I didn’t recognize where I was when I opened my eyes. To be honest, I didn’t remember where I had come from, either. I was seated in a simple grey chair, and my feet rested on flat, black carpet. The walls around me were brilliantly white, glowing under the lights. There was a table in front of me, and a clipboard rested on top of it. A black pen sat gleaming on a sheet of paper.
Curiosity prickled inside me. I could feel it in my shoulders and as it danced down my spine. I reached out to pick them up but paused. I was stuck staring at my hands for a long while. I didn’t recognize them. The skin was loose around the knuckles, and there were countless fine lines cross-hatched across the backs. Not old, just weathered. Several scars marked the left one, and a single ring weighed on the right. The thumbs were perfectly round at the end, but the middle finger on the right had an awkward bump at the last knuckle. They were entirely unfamiliar, yet I knew they were my hands.
I tried shaking the confusion out of my head. I perched the clipboard on my lap and gazed down at the words. Name. What was my name? What was a name in the first place? I mindlessly scribbled in an answer, but I couldn’t make sense of the letters. Date of Birth. Birthday. June? One. One. A shot went off in my mind. Eleven! Cause of Death. What was that? I tried to work the word from my brain into my mouth. Maybe if I said it out loud it would gain some meaning. But I couldn’t find my voice. I couldn’t find my mouth, either. Did I even have a mouth? Fingers fluttered across my face, but I couldn’t tell if they had traced over lips or not. What did lips feel like?
A weight had been building in my chest, and I was suddenly very aware of it. Panic. But what did that mean? What were all of these things that I didn’t understand?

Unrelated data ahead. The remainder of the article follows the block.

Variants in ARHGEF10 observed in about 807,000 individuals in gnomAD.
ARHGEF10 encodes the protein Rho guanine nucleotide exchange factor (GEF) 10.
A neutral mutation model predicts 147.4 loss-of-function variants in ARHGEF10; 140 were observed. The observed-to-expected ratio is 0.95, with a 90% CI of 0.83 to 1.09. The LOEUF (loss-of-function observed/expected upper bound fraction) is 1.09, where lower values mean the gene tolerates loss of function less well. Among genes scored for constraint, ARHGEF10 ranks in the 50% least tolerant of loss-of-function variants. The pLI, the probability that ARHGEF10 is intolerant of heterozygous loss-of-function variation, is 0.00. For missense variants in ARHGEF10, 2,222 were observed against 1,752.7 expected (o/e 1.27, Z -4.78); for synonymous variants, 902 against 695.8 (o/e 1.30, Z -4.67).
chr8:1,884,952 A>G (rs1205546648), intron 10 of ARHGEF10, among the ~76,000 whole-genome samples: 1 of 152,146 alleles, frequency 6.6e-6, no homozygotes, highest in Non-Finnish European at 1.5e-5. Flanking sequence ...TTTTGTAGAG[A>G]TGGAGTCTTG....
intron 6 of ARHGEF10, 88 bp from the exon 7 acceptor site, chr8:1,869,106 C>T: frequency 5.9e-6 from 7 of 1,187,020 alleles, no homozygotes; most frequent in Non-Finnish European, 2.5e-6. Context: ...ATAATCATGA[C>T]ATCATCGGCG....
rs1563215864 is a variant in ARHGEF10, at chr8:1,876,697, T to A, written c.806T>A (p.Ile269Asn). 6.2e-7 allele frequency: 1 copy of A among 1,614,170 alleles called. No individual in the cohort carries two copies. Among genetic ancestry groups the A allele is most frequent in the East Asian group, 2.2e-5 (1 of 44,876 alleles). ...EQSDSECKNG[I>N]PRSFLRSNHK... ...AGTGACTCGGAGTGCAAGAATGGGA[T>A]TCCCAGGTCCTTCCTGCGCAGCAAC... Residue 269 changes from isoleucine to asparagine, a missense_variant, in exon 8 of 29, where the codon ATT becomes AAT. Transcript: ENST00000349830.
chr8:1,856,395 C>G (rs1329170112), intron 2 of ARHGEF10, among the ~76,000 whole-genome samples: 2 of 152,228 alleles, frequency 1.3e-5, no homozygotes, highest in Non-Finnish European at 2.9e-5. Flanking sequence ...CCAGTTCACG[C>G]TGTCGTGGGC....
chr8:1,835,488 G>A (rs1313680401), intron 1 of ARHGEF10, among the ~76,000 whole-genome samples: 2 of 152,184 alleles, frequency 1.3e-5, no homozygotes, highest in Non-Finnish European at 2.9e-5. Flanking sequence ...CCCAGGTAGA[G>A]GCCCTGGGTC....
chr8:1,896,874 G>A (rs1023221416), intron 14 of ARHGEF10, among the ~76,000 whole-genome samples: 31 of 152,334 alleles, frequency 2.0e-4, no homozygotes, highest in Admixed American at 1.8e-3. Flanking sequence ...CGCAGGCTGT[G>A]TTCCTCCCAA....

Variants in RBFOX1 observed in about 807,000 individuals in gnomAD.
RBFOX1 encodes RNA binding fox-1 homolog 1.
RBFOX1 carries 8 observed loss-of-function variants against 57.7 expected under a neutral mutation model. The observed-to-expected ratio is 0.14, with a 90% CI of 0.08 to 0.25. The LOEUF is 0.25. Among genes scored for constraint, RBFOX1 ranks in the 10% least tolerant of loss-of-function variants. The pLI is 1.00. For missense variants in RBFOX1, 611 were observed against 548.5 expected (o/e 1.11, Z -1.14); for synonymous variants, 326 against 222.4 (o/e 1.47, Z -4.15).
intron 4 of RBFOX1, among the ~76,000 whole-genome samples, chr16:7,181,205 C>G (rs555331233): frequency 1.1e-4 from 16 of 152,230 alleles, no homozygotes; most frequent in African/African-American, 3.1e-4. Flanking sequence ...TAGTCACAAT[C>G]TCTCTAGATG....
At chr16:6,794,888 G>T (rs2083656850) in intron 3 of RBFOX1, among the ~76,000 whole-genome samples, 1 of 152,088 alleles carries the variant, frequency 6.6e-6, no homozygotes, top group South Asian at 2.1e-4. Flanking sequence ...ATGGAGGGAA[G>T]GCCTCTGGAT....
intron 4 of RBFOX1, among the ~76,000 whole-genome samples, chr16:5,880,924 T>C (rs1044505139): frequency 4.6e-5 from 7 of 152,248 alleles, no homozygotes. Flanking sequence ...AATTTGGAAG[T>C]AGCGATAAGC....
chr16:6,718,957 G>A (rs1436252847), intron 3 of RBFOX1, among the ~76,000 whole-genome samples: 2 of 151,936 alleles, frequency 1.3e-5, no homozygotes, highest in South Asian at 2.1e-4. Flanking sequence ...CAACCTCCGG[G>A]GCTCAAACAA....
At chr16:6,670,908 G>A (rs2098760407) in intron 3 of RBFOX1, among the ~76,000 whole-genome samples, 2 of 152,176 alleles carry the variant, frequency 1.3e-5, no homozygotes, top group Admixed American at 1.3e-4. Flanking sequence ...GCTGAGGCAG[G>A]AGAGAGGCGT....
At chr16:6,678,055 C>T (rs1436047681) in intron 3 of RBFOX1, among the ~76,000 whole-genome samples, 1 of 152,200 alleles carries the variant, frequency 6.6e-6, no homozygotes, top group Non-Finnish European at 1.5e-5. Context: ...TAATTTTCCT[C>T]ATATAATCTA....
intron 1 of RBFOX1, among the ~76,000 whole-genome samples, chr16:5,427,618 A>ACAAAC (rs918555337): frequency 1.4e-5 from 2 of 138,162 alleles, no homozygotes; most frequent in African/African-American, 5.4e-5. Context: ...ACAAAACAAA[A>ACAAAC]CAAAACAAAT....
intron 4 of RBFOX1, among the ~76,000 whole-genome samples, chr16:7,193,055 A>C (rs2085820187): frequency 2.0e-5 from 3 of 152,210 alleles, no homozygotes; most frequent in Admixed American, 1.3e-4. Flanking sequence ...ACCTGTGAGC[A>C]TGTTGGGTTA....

I hurried to set the clipboard down on the table and tried to take a deep breath. Was I even breathing? I pushed the question out of my mind. No more questions. Not until I had some answers.
Who would be able to give me the answers, though?
As if the thought had activated something within the room, a door to the right opened. Why hadn’t I noticed the door before? I got to my feet, collected the clipboard, and approached the threshold. The room on the other side was small, cozy. The walls were dark, but they still seemed to glow in the light. The desk placed in the center was imposing, and the person seated behind it was even more so.
“Who are you?” A voice tumbled out of my mouth, but it sounded so foreign. Shrill, scratchy, demanding. The words felt wrong in my mouth. It wasn’t moving the way it was supposed to, but I couldn’t even begin to imagine what it should have felt like.
The person had a pen in one hand and used it to point at a plaque on the corner of the desk. Shavarahamma. Just like death, I couldn’t move the word from my brain to my mouth. “How do you say that?”
“Sha-var-uh-ah-ma.” The voice was melodic and kind. Calm. Not like mine.
“Shavarahamma,” I tried slowly. The being smiled.
“Call me Amma, though. It is easier,” they explained.
“Where am I?”
“You are in between,” Amma said.
“In between what and, well, what?”
“Isn’t that just the question?”
I let the silence hang between us for a moment. Their eyes never left my face, nor did I see them blink. Sometimes the irises were brown, others they were blue. Sometimes I could even swear they looked like the eyes of animals. I sucked in a breath. “Who am I?”
“Ah, that is another good one. Come. Have a seat. Let me look at your chart.”
I moved to sit across from Amma, but I stopped as I glanced down at the clipboard. I couldn’t read my own handwriting. How would they be able to? Then again, even the words that I had been able to read before were starting to lose their meaning. “I couldn’t fill it all out,” I admitted sheepishly. “I didn’t know what it was asking me.”
“That’s okay.” It didn’t seem okay, but I handed my chart to Amma anyway and sat down. After a quick glimpse, they asked, “Do you know what death is?”
“No.” I paused. “I can’t even say it.”
Amma pursed their lips. “Death is what happens when you are no longer alive.”
“What is alive?”
“When you are a part of the universe, and you are conscious, moving, experiencing. Your heart is beating. Your mind is thinking. Your lungs are breathing. You’re alive.”